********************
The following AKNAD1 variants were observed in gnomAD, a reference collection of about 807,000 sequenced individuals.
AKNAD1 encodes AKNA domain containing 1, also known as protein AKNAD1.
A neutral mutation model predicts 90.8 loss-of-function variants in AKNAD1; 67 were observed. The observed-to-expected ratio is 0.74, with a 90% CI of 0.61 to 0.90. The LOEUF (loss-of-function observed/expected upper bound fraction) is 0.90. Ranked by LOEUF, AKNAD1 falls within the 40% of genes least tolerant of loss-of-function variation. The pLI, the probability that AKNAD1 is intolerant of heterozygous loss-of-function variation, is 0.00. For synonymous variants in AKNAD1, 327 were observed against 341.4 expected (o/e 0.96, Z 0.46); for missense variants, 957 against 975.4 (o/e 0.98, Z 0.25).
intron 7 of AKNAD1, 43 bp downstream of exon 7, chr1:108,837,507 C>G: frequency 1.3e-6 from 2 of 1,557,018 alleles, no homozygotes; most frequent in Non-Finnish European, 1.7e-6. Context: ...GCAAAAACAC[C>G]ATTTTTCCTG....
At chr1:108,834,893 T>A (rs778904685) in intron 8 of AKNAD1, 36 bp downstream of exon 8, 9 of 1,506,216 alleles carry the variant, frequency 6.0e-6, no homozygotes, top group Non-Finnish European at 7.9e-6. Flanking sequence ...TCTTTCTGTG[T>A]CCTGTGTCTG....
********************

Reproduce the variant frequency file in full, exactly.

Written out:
The following AKNAD1 variants were observed in gnomAD, a reference collection of about 807,000 sequenced individuals.
AKNAD1 encodes AKNA domain containing 1, also known as protein AKNAD1.
A neutral mutation model predicts 90.8 loss-of-function variants in AKNAD1; 67 were observed. The observed-to-expected ratio is 0.74, with a 90% CI of 0.61 to 0.90. The LOEUF (loss-of-function observed/expected upper bound fraction) is 0.90. Ranked by LOEUF, AKNAD1 falls within the 40% of genes least tolerant of loss-of-function variation. The pLI, the probability that AKNAD1 is intolerant of heterozygous loss-of-function variation, is 0.00. For synonymous variants in AKNAD1, 327 were observed against 341.4 expected (o/e 0.96, Z 0.46); for missense variants, 957 against 975.4 (o/e 0.98, Z 0.25).
intron 7 of AKNAD1, 43 bp downstream of exon 7, chr1:108,837,507 C>G: frequency 1.3e-6 from 2 of 1,557,018 alleles, no homozygotes; most frequent in Non-Finnish European, 1.7e-6. Context: ...GCAAAAACAC[C>G]ATTTTTCCTG....
At chr1:108,834,893 T>A (rs778904685) in intron 8 of AKNAD1, 36 bp downstream of exon 8, 9 of 1,506,216 alleles carry the variant, frequency 6.0e-6, no homozygotes, top group Non-Finnish European at 7.9e-6. Flanking sequence ...TCTTTCTGTG[T>A]CCTGTGTCTG....